Military service members, veterans, their family members and survivors are attending military peer support training May 6-10 at the Holiday Inn, 3903 State St. in Bismarck. Hosted by the North Dakota Department of Human Services’ Behavioral Health Division, in partnership with the ND Cares coalition, the goal is to train individuals who have lived experience and are in recovery from mental illness and/or substance use disorder and are committed to helping others. Once trained, these new peer support specialists can bring hope to others by sharing their experiences and promoting a sense of belonging.
According to the division, peer support has existed in the behavioral health field for decades; however, its rapid growth in recent years in due to the increasing evidence supporting its effectiveness. A peer support specialist uses his or her lived experience of recovery, plus skills learned in formal training, to deliver services in behavioral health settings to promote mind-body recovery and resiliency.
“In just over a year, more than 220 individuals across the state have been trained as peer support specialists, and 80 percent of those specialists reside in a rural community,” said Behavioral Health Division Director Pamela Sagness.
The division contracted with Appalachian Consulting Group for its peer specialist training, which is a person-centered, goals-oriented, strengths-based curriculum. It is based on the belief that setting a person-centered goal is the heart of recovery.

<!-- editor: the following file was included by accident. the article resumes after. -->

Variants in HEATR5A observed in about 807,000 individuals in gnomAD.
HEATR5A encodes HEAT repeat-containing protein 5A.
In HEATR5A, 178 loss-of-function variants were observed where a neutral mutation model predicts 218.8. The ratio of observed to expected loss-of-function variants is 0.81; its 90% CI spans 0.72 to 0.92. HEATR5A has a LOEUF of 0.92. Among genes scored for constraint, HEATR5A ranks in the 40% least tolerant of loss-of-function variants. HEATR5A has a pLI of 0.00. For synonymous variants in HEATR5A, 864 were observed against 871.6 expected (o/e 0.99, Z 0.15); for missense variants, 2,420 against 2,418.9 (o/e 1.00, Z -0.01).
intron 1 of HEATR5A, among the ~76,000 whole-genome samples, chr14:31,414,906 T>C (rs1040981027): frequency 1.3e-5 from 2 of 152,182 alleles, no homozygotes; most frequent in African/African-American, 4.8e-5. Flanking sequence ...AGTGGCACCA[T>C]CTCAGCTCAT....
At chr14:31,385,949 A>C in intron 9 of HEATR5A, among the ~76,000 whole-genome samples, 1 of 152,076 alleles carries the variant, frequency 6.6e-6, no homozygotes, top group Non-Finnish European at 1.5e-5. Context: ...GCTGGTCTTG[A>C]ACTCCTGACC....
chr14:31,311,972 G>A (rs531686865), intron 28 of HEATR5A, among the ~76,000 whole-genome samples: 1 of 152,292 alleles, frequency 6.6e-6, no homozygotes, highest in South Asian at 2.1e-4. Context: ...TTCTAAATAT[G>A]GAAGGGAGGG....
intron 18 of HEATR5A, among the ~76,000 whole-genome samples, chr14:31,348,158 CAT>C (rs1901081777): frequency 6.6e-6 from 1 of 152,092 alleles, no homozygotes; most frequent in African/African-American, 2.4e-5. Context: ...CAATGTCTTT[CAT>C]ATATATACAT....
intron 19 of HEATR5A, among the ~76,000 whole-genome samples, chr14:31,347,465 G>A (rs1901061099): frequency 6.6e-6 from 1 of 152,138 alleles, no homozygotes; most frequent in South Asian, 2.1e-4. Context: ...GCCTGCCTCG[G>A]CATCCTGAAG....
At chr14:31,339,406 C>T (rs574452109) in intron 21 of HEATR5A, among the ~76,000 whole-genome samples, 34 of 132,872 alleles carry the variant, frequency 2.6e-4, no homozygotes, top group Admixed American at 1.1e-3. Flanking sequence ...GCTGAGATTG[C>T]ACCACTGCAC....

Sagness said recovery is the process of gaining and maintaining control over one’s life – and the direction one wants that life to go – after experiencing a mental health diagnosis, substance use disorder and all the losses associated with those challenges. Training participants learn core competencies, roles and tools for conducting peer support specialist work in their communities.
During the 2019 legislative session, North Dakota lawmakers included language in Senate Bill 2012 authorizing the division to establish and implement a certification program for peer support specialists. This work supports the recommendation from the North Dakota Behavioral Health System Study published April 2018 by the Human Services Research Institute.
“Peer support services have the potential to significantly improve the behavioral health system by offering recovery support services in the community and producing cost savings from a reduction in rates of hospitalization and incarceration,” Sagness said.
The Department of Human Services’ Behavioral Health Division is responsible for reviewing and identifying service needs and activities in the state's behavioral health system to ensure health and safety and access to quality services. It also establishes quality assurance standards for the licensure of substance use disorder program services and facilities and provides policy leadership in partnership with public and private entities. For more information, visit www.behavioralhealth.nd.gov.